For years I’ve had to carry around an EpiPen, wherever I go. It was sometimes a pain, sometimes I forgot it, but most often it would just be a standard part of my going out… pocket pat down… wallet? Keys? Cigarettes (I know, booo – but I’ve quit now)? AND EpiPen? There are many fashionable ways of carrying them, e.g. a bum bag(!), but large pocketed trousers are always the best way, I reckon. If the pockets aren’t big enough, don’t buy them.
Over the years I’ve had a few ‘cool dudes’ come up to me and ask, “Can I please use it? I want to know what it’s like” or “What would happen if we stabbed you with that right now?” Ooohh, the levels of cool are making Zack from Saved by the Bell roll in his grave. But the thing is, I actually know the answer to the last question. So, allow me to set the scene…
(Cue flashback… sepia tone, jingly late 90s pop and a very large quiff.)
I was standing at a bus stop in the quiet, idyllic village of Pool-in-Wharfedale, awaiting a bus to take us into Harrogate to go to an under 18’s night at, what we could only assume from the name, was a trendy wine bar called ‘Carrington’s’.
Four very excited friends stood eagerly awaiting the bus down the street when the conversation about my EpiPen came up. Always willing to educate people, and facing what could potentially be a ‘risky peanut under-18 club night death’ I asked the very innocent question, “Do you guys know how to use it?”
“No you don’t? Well let me show you!” I continued, whipping it out of its protective casing (which was a very elegant cigar holder).
I showed my friends the contents of the cigar case, and they looked amazed. Then I started with the demonstration I must have done 100 times before. I pulled off the cap, showed them they would have to put their thumb over the end, then made a smooth injection demonstration towards my thigh.
That’s when it happened.
The needle brushed past my thigh… And I felt it.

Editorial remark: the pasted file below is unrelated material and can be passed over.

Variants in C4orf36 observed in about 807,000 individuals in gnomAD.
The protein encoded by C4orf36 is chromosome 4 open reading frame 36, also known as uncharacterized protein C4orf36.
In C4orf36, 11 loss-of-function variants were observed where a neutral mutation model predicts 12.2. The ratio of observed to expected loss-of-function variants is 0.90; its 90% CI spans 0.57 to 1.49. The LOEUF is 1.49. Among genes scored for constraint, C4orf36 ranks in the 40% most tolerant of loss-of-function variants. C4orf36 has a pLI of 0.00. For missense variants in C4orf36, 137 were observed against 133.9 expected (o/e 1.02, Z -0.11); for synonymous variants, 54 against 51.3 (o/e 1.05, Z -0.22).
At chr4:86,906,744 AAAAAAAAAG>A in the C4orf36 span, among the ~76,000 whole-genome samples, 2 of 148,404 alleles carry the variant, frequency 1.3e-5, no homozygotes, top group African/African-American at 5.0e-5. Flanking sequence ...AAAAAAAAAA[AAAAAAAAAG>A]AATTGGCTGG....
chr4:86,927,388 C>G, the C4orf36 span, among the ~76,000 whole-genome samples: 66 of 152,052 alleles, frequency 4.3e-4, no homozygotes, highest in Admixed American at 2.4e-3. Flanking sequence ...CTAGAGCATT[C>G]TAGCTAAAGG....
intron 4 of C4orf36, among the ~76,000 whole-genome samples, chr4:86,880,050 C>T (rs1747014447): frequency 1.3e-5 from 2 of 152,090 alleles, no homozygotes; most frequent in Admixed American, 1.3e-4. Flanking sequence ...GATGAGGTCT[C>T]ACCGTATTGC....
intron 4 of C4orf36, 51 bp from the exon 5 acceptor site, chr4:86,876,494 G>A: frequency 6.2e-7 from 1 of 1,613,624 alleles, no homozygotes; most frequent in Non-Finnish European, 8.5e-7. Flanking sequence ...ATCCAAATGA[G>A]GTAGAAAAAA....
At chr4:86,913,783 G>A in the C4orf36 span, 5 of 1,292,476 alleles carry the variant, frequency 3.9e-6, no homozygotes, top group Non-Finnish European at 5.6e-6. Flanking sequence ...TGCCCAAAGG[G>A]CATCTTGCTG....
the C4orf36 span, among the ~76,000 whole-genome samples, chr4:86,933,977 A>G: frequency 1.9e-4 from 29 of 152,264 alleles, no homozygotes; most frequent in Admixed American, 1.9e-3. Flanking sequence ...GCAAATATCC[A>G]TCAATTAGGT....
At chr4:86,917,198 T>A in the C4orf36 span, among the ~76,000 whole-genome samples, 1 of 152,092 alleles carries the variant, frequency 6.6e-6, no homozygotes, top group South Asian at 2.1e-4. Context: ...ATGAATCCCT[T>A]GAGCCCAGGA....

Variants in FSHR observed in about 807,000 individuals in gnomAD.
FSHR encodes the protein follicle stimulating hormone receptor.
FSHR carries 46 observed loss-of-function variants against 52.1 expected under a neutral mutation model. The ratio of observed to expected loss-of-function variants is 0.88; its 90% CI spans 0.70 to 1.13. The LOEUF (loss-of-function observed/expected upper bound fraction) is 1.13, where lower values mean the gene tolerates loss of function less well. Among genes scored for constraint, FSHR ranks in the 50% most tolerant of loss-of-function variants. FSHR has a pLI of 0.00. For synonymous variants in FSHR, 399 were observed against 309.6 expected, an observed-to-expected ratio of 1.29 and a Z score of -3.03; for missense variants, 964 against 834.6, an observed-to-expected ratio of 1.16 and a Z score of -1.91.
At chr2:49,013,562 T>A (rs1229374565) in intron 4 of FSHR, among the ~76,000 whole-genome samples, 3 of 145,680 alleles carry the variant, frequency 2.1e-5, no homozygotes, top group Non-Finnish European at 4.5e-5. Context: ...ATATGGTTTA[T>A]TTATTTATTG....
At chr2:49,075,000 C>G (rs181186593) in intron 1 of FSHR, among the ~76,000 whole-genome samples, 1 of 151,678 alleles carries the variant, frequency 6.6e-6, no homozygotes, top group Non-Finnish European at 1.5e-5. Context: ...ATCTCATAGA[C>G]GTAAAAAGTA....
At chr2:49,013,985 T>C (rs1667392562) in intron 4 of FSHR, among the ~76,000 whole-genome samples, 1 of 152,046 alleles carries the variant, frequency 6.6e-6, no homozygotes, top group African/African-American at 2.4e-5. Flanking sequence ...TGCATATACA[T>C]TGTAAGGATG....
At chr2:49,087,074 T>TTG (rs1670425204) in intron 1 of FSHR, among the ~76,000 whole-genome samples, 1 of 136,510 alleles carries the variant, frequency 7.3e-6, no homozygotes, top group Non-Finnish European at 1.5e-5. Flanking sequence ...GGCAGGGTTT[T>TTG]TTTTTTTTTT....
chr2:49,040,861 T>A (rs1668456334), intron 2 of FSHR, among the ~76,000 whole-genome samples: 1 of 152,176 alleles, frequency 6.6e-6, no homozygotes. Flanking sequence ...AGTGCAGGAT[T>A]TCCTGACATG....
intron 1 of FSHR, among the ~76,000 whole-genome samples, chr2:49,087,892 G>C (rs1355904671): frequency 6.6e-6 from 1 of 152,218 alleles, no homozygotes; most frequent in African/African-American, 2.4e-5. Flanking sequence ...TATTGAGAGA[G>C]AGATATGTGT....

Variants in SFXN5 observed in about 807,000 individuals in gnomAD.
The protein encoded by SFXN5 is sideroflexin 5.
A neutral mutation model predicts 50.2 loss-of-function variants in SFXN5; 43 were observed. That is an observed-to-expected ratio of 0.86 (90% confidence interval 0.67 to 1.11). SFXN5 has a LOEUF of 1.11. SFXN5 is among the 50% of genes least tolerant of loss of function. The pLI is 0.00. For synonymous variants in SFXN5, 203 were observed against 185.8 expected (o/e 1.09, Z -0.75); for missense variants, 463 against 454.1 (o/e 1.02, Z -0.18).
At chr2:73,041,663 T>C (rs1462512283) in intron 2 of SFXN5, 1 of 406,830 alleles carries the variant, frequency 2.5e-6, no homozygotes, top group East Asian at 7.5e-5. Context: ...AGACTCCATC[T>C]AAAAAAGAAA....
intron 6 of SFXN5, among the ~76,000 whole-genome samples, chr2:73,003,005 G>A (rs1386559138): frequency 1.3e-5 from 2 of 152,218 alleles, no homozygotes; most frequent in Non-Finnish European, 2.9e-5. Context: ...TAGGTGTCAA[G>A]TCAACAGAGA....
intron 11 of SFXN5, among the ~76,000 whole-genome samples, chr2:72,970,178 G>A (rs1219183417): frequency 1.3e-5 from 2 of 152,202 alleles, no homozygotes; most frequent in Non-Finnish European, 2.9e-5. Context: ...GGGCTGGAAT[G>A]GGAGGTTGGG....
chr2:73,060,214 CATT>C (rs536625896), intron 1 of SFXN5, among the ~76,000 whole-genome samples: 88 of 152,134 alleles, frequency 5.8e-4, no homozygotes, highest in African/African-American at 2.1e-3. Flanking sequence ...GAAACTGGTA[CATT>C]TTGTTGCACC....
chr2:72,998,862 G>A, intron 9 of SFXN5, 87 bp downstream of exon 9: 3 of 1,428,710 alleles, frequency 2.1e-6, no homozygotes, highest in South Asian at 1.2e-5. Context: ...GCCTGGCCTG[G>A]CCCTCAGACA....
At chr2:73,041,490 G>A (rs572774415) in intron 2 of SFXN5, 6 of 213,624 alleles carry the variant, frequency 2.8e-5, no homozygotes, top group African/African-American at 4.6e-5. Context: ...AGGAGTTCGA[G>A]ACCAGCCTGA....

I learnt three lessons that night:
You notice I said brushed? These things are very, very sensitive – so please use with caution.
A sharp pain erupted into my leg and in a flash I realised I’d just stabbed myself.
Now, the normal procedure is to leave the injection in place for 10 seconds. However, this wasn’t the normal procedure. I pulled the now protruding needle out of my leg and stared at it, probably muttering a fair few expletives.
My friends were now looking quite bewildered, asking what was wrong.
It was time for action. Not knowing what to do, I quickly rang the only person I could think of under the circumstances: my mother. She came and got me and I was left to sit in a chair, sweat pouring down my head, heart racing and with the sweatiest palms I’ve ever felt. She then rang the only person she could think of: the local GP. Who was totally baffled.
When you do something as stupid as this, don’t be surprised when medical professionals can’t find an example of anyone who’s been that stupid before.
He suggested, finally, that my mother keep a close eye on me and I spend a couple of hours recovering quietly. Hoping that the adrenaline would subside before long.
Luckily, this was true. I sat there and slowly returned to normal. I’ll never forgot sitting there with my heart racing, feeling very excited and yet being very aware that I shouldn’t do anything that would encourage it further.
Never underestimate the power of a teenage boy to recover from anything when teenage girls are in the picture.
After a couple of hours I was feeling fine. So with a quick change of shirt and a lift from my parents into Harrogate, you will be pleased to know that I made it to the Under 18’s night. And had a really good time.
By Rory Mason – the self-declared second most allergic person in Leeds